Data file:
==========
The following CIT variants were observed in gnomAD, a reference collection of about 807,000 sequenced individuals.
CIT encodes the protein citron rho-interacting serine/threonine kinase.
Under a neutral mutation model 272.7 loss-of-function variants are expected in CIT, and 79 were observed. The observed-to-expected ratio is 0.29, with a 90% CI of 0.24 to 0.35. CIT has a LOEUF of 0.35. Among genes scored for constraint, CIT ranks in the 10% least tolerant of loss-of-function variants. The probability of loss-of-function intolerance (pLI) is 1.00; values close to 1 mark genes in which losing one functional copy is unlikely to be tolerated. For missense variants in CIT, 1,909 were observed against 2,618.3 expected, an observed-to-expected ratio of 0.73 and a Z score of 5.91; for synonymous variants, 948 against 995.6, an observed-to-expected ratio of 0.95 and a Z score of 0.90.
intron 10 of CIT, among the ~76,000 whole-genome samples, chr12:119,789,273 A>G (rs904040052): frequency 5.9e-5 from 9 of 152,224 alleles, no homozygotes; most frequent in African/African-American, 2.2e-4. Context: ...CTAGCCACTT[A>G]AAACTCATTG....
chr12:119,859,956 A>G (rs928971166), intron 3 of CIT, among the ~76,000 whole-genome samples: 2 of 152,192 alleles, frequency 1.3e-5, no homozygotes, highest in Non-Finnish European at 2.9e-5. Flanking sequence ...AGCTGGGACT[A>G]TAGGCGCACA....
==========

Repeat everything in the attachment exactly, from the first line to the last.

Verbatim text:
The following CIT variants were observed in gnomAD, a reference collection of about 807,000 sequenced individuals.
CIT encodes the protein citron rho-interacting serine/threonine kinase.
Under a neutral mutation model 272.7 loss-of-function variants are expected in CIT, and 79 were observed. The observed-to-expected ratio is 0.29, with a 90% CI of 0.24 to 0.35. CIT has a LOEUF of 0.35. Among genes scored for constraint, CIT ranks in the 10% least tolerant of loss-of-function variants. The probability of loss-of-function intolerance (pLI) is 1.00; values close to 1 mark genes in which losing one functional copy is unlikely to be tolerated. For missense variants in CIT, 1,909 were observed against 2,618.3 expected, an observed-to-expected ratio of 0.73 and a Z score of 5.91; for synonymous variants, 948 against 995.6, an observed-to-expected ratio of 0.95 and a Z score of 0.90.
intron 10 of CIT, among the ~76,000 whole-genome samples, chr12:119,789,273 A>G (rs904040052): frequency 5.9e-5 from 9 of 152,224 alleles, no homozygotes; most frequent in African/African-American, 2.2e-4. Context: ...CTAGCCACTT[A>G]AAACTCATTG....
chr12:119,859,956 A>G (rs928971166), intron 3 of CIT, among the ~76,000 whole-genome samples: 2 of 152,192 alleles, frequency 1.3e-5, no homozygotes, highest in Non-Finnish European at 2.9e-5. Flanking sequence ...AGCTGGGACT[A>G]TAGGCGCACA....